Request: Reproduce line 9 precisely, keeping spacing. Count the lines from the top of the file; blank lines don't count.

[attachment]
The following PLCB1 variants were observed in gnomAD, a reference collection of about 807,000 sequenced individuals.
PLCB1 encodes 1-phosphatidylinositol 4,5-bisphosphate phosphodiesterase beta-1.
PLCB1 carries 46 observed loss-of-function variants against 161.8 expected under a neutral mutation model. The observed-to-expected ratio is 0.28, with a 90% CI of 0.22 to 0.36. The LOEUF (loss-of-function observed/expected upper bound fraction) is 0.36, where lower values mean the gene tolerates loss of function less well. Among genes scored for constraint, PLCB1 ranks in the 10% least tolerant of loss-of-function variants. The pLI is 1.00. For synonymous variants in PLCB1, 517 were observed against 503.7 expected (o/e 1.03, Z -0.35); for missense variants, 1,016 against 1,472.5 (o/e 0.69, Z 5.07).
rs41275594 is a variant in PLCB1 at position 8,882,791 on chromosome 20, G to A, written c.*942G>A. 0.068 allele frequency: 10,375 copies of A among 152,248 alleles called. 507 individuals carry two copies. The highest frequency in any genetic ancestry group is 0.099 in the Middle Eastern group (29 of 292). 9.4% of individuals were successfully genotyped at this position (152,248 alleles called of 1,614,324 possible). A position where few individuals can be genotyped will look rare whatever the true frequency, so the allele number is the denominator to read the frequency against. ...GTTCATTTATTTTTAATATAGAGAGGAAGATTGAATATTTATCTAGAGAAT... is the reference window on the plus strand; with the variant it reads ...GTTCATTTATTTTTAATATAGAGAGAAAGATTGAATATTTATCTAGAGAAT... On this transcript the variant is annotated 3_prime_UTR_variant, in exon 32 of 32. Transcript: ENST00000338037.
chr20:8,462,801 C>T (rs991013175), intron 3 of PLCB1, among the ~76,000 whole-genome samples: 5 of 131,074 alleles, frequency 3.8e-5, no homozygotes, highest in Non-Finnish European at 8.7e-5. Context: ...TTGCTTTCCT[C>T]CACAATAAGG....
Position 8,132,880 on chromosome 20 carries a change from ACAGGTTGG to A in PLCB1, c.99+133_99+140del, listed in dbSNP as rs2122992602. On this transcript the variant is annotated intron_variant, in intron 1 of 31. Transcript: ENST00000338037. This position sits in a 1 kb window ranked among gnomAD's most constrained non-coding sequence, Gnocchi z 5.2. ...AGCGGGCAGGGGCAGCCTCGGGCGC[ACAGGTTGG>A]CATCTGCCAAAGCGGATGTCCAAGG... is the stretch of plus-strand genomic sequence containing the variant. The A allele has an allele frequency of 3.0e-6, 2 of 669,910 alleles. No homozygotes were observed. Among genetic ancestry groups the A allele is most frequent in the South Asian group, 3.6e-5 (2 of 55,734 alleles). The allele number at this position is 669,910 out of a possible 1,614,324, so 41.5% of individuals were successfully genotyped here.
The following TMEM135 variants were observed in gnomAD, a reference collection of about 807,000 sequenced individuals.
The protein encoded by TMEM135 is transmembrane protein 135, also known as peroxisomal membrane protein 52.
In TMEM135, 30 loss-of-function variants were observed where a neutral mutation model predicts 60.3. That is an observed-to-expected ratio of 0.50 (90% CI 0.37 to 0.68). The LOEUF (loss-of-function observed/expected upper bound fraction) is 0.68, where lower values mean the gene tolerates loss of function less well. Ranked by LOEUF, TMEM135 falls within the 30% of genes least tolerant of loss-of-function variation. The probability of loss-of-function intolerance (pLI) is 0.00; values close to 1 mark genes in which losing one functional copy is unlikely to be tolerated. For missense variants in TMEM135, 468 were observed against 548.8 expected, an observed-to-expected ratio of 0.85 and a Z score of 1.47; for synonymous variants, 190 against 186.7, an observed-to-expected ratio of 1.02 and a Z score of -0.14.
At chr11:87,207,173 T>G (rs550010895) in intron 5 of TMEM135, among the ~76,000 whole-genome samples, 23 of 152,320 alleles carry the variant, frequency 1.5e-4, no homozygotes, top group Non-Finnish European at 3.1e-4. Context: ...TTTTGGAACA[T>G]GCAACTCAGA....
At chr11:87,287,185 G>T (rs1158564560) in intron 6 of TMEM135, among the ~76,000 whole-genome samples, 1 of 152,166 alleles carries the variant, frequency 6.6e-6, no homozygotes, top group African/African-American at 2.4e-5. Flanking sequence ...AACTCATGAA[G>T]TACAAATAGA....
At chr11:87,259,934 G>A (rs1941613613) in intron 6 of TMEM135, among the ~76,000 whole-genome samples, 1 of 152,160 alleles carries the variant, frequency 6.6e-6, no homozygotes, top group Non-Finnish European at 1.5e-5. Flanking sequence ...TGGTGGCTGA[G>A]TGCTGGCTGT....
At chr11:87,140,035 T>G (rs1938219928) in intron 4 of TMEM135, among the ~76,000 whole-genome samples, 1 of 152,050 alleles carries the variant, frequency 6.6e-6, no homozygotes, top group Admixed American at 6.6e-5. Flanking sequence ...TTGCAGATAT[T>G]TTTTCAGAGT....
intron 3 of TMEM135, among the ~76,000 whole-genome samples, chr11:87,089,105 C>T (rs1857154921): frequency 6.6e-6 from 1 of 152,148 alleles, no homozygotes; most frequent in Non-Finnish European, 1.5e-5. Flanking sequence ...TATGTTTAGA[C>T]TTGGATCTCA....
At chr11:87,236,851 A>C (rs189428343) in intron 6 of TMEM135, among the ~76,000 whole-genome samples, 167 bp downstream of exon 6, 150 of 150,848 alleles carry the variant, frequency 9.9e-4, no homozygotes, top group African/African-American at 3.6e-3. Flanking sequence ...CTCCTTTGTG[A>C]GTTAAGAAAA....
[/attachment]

In TMEM135, 30 loss-of-function variants were observed where a neutral mutation model predicts 60.3. That is an observed-to-expected ratio of 0.50 (90% CI 0.37 to 0.68). The LOEUF (loss-of-function observed/expected upper bound fraction) is 0.68, where lower values mean the gene tolerates loss of function less well. Ranked by LOEUF, TMEM135 falls within the 30% of genes least tolerant of loss-of-function variation. The probability of loss-of-function intolerance (pLI) is 0.00; values close to 1 mark genes in which losing one functional copy is unlikely to be tolerated. For missense variants in TMEM135, 468 were observed against 548.8 expected, an observed-to-expected ratio of 0.85 and a Z score of 1.47; for synonymous variants, 190 against 186.7, an observed-to-expected ratio of 1.02 and a Z score of -0.14.